# Energy dissipated by resistor problem

• CynicalBiochemist
In summary, the conversation discusses the calculation of energy dissipated by a 10 Ω resistor after 5 seconds. The approach used by the speaker involves finding the average current and using it to calculate the energy. However, the book's approach involves finding the total energy dissipated over the entire 5 seconds and then dividing by the total time. This is because the power generated by the resistor is proportional to the current squared, so the average current cannot be used alone. Additionally, if asked for the power generated by the resistor during the 5 second interval, the correct approach would be to divide the total energy by the total time, as no part of the interval can be neglected.

## Homework Statement

A 10 Ω resistor carries a current that varies as a function of time as shown. How much energy has been dissipated by the resistor after 5 s? a. 40 J
b. 50 J
c. 80 J
d. 120 J

## Homework Equations

I=dq/dt → dq=Idt → Q=∫Idt
P=∇E/∇t and V=IR (Ohm's Law) so P=IV ⇒ P=I^2R

## The Attempt at a Solution

My approach[/B]
For the first 5 seconds, the area under the curve is 6C, which is the total charge that was transferred through the resistor. Thus, the average current I=6C/5s=6/5 A
Since P=I^2R and P=E/∇t ⇒ E=I^2R∇t=(6/5A)^2(10Ω)(5s)= 72J
Clearly this is none of the answer choices, and I don't know where I went wrong.

Book's Approach
The book claims that D is correct, and states:
Since the current was 2A over 3s, the total energy dissipated is
E=(2A)^2(10Ω)(3s)=120J

I genuinely don't understand the book's approach. Power is by definition, the rate of energy transfer (in this case transformation to a different form) with respect to time. Here, the power MUST be computed over the 5 seconds in question, regardless of whether there was 0 current passing through for 2 seconds.
Ultimately, why did the book use 3 seconds as ∇t? Is this allowed, and why is my approach flawed?

#### Attachments

CynicalBiochemist said:
For the first 5 seconds, the area under the curve is 6C, which is the total charge that was transferred through the resistor. Thus, the average current I=6C/5s=6/5 A
Since P=I^2R and P=E/∇t ⇒ E=I^2R∇t=(6/5A)^2(10Ω)(5s)= 72J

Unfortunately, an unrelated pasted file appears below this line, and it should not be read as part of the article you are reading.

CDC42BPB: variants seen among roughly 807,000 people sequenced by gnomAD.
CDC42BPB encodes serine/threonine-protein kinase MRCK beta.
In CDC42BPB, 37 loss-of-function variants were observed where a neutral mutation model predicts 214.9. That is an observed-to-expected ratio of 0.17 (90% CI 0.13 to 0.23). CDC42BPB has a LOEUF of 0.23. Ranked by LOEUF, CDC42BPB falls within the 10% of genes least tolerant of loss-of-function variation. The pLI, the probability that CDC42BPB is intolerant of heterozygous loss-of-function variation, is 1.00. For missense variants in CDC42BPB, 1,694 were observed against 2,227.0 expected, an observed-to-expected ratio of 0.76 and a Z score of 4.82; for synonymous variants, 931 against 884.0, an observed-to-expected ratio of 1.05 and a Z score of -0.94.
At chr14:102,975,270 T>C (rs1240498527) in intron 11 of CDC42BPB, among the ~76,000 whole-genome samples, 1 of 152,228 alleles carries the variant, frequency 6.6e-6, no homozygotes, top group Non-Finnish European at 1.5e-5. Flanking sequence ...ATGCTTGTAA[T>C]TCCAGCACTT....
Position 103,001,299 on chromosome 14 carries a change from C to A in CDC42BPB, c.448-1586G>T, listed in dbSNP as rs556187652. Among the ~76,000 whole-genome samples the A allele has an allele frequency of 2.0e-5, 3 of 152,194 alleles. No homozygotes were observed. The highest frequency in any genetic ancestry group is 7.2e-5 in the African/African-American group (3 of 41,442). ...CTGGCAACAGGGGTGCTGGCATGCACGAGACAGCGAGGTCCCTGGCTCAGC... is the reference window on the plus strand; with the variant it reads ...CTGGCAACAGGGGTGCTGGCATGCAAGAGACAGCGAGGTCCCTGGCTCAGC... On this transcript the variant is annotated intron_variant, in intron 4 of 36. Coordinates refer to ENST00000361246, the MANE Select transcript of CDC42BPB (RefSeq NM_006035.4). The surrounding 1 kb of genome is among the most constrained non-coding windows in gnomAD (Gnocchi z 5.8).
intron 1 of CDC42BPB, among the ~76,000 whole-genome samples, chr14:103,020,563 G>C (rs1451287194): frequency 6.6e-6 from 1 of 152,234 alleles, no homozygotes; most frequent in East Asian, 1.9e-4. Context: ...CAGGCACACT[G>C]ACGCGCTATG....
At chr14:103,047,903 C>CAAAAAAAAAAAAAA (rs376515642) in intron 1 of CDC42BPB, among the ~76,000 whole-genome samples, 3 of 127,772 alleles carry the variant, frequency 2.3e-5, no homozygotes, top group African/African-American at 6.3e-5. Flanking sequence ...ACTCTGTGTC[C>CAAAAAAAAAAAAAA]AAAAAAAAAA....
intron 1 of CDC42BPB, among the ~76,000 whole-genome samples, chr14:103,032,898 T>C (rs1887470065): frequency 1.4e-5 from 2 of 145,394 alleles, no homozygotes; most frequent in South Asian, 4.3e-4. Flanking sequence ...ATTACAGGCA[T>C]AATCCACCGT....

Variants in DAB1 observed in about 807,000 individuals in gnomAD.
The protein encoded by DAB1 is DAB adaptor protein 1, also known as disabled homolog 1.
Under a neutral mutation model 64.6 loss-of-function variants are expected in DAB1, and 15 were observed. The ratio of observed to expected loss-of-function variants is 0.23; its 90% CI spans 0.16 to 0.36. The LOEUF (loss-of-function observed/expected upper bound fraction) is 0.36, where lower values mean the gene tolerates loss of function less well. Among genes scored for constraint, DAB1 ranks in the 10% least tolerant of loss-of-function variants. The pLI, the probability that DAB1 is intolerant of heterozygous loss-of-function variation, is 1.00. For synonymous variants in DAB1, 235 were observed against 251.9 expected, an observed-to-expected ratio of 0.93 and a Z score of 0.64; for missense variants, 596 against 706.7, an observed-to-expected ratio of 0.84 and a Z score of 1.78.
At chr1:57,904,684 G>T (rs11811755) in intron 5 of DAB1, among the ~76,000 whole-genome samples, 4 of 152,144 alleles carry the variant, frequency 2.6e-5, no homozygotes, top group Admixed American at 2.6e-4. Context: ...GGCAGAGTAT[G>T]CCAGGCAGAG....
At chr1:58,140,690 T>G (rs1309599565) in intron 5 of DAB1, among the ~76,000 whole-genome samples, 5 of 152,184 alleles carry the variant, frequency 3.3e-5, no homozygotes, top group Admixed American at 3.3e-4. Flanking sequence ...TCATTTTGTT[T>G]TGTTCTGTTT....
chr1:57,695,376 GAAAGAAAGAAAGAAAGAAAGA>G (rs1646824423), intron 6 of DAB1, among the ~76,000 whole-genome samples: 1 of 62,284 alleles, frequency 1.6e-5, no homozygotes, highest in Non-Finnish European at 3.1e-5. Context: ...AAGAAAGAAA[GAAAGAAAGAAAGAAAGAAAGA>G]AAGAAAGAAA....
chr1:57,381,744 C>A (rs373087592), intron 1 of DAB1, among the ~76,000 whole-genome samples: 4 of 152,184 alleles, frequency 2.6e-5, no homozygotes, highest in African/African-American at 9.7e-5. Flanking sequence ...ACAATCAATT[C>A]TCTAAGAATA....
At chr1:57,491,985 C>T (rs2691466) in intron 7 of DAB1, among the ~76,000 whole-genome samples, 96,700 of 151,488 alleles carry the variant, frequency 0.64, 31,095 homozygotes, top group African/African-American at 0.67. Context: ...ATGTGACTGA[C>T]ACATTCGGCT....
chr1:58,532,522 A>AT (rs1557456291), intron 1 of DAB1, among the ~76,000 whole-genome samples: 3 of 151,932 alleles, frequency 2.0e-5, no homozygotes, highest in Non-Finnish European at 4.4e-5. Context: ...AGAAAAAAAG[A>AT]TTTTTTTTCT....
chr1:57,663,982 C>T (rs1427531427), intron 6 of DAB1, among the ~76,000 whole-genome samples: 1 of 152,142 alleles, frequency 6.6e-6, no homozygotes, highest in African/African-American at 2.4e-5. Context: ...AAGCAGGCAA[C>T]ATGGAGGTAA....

Clearly this is none of the answer choices, and I don't know where I went wrong.
You found the average current. But since power is proportional to current squared, to use your approach you'd need the average value of current squared. (Which is not equal to the square of the average current.)

CynicalBiochemist said:
Here, the power MUST be computed over the 5 seconds in question, regardless of whether there was 0 current passing through for 2 seconds.
They did compute the energy over all 5 seconds. Since there was no energy used during the time the current was zero, you can skip that segment.

Doc Al said:
You found the average current. But since power is proportional to current squared, to use your approach you'd need the average value of current squared. (Which is not equal to the square of the average current.)

They did compute the energy over all 5 seconds. Since there was no energy used during the time the current was zero, you can skip that segment.
Thanks Doc. I am starting to understand why their approach works for computing energy. But let's say they asked for the power generated by the resistor for the 5 second interval.
P=120J/3s= 40W ?
I.e., can we again neglect that 2 second segment where no energy was generated? And if so, why?
Btw I'm sorry if I'm asking trivial questions, I've never been good at physics lol.

CynicalBiochemist said:
But let's say they asked for the power generated by the resistor for the 5 second interval.
Don't worry about asking trivial questions! Those are the ones that drive you nuts. •